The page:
Methods

At the department of surgery, Sahlgrenska/Östra University Hospital, Gothenburg we are continuously making a registration of detailed clinical and pathological data. The registration is consecutive since 1999 for all patients treated at our unit for colorectal cancer. The study and registration was approved by the local Ethics committee and all the patients have given their written informed consent. Included in the database is also a continuous follow-up regarding treatment and survival. During the period 1999–2003, 198 patients were surgically treated for an initial stage IV colorectal cancer. The specimen had been assessed by the pathologist for the lymph node status in 136 patients, who were then included into the study. All had been operated with a surgical resection of the bowel tumour. We retrieved basic clinical parameters as gender, age, diagnosis, cancer location, performance status (PS) and type of operation. Treatment data with the use of chemotherapy, tolerability and side-effects was also considered as well as the number and location of the metastasis. We acquired the pathology data including the assessment of lymph nodes and differentiation grade. The lymph node ratio (LNR) was calculated as the quota between metastasis positive nodes and number of assessed lymph nodes. The LNR-groups were created by dividing the material into 3 equally sized groups, thus by ratio thirds, to have a possibility of identifying high/low risk groups. Survival data as well as treatment information was also retrieved. As the outcome parameter we used the cancer specific survival (CSS). Survival was assessed both by ratio groups and by eligibility for chemotherapy. A comparison was also made between LNR and N-status.

We used the JMP 4/SAS software for statistical analysis (SAS institute). The basic patient demographic data was set by distribution statistics with ANOVA or contingency tables for non-parametric statistics. The Kaplan-Meier method was used for univariate survival analysis and Log rank test was used to compare survival differences between the groups. The same analyses were made for TNM N-status as well as differentiation grade. We made a second analysis of the data for all patients who had had a full pathology assessment of at least 12 nodes as by UICC/AJCC recommendation to ensure validity. We also performed a Cox multivariate analysis including PS, differentiation grade, tumour location, age, given therapy, metastatic burden and also the lymph node factor. The later assessed both for the N-status and as LNR.

Results

The surgery and staging

The median age was 70 years with an equal gender distribution. The most frequently performed operations were the right hemicolectomy and the Hartman procedures. The most common indications for surgery in this patient group were bleeding or obstruction, the latter often resulting in resection and stoma formation. The preoperative work-up was done with chest x-ray and liver ultrasonography or CT-scan and were completed in 98% of elective cases. 7 patients had lung metastasis only and 87 patients had liver metastasis. An additional 14 patients had growth in both organs. Of the remaining 28 patients were 24 had emergency procedures and were classified as stage IV by an intra-operative finding of metastases. The remaining 4 patients were assessed as possible spread by the radiologist and confirmed as stage IV by the pathologist analysis from specimen and intra-operative biopsies.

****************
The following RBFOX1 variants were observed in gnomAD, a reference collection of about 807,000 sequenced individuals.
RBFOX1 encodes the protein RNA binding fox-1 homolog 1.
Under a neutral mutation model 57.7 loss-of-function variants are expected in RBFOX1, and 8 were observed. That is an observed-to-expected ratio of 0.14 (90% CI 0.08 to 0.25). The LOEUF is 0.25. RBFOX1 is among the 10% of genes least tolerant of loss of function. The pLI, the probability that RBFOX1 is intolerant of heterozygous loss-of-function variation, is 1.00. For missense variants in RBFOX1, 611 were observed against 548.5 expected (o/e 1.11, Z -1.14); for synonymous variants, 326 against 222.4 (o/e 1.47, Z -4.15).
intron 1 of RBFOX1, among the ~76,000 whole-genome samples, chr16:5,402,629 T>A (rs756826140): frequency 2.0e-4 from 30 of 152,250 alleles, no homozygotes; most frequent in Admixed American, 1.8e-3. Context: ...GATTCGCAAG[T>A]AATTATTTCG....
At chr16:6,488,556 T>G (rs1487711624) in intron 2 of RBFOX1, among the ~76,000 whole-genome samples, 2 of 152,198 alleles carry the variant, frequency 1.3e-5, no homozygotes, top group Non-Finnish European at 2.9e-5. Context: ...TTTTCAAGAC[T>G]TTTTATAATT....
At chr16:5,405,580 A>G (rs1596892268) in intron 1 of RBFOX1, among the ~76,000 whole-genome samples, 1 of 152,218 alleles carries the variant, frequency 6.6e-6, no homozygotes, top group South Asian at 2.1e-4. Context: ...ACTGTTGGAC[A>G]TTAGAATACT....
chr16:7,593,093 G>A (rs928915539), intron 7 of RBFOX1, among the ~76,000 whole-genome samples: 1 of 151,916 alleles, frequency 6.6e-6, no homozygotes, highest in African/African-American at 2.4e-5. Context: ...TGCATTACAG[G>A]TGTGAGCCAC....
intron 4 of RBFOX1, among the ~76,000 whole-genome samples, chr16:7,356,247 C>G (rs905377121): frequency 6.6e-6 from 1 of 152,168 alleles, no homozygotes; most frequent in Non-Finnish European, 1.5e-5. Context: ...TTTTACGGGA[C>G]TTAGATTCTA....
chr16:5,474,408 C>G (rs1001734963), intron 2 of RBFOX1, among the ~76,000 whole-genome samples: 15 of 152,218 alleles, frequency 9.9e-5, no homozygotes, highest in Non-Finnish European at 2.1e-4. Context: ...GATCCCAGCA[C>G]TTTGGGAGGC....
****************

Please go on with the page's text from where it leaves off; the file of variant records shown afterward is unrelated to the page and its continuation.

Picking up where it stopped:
The pathology

The patient and pathology data are presented in table 1. The differentiation grade correlated significantly with the LNR group (p < 0.001). With a poor differentiation grade is was more common to have a higher number of metastatic nodes and also higher ratios. This also showed in the distribution of TNM N1 and N2. The median number of assessed nodes was 10 with a median of 4 metastasis positive nodes. There were only 2 patients without discovered lymph node metastasis and both had had very few assessed lymph nodes. We also found that with higher LNR-group it was increasingly more frequent with multiple metastasis locations (p < 0.05).
Table 1

Patient demography and pathology by lymph node ratio group

LNR group

Ratio/Node quota

N

Differentiation grade (well/med./poor)

N-status (N1/N2)

Lymph nodes (median)

Chemotherapy eligibility (yes/no)

     

Assessed

Positive

 

1

0–0.15

46

4/36/6

46/0

10 (1–19)

1 (0–3)

27/19

2

0.16–0.65

45

3/30/12

15/30

10 (4–21)

4 (1–11)

23/22

3

0.66–1

45

0/14/31

6/39

9 (2–32)

8 (2–26)

27/18

Total

0–1

136

7/80/49

67/69

10 (1–32)

4 (0–26)

77/59

Chemotherapy

The treatment strategy was discussed in a multidisciplinary team conference including the possible use of chemotherapy. 77 of the patients were eligible for chemotherapy. The main reasons for ineligibility for chemotherapy were age, concomitant disease or poor performance status. All chemotherapy was given postoperatively. The common first line regime was 5-FU and Leucovorin which accounted for more than 85% of the given treatments. Second line chemotherapy, mainly using Campto and Oxaliplatin regimes, were given to 47 patients. The main reasons for termination of chemotherapy were toxicity or progression of the disease. Only 7 patients, of whom the majority had single metastasis, were later treated for the liver metastasis by radiofrequency ablation or surgical resection. Only one achieved long-term survival. We also noted that higher LNR-group and foremost group 3 had significantly more problems during the chemotherapy (p < 0.05). This showed by more adverse effects, lower tolerability and more frequently early treatment termination.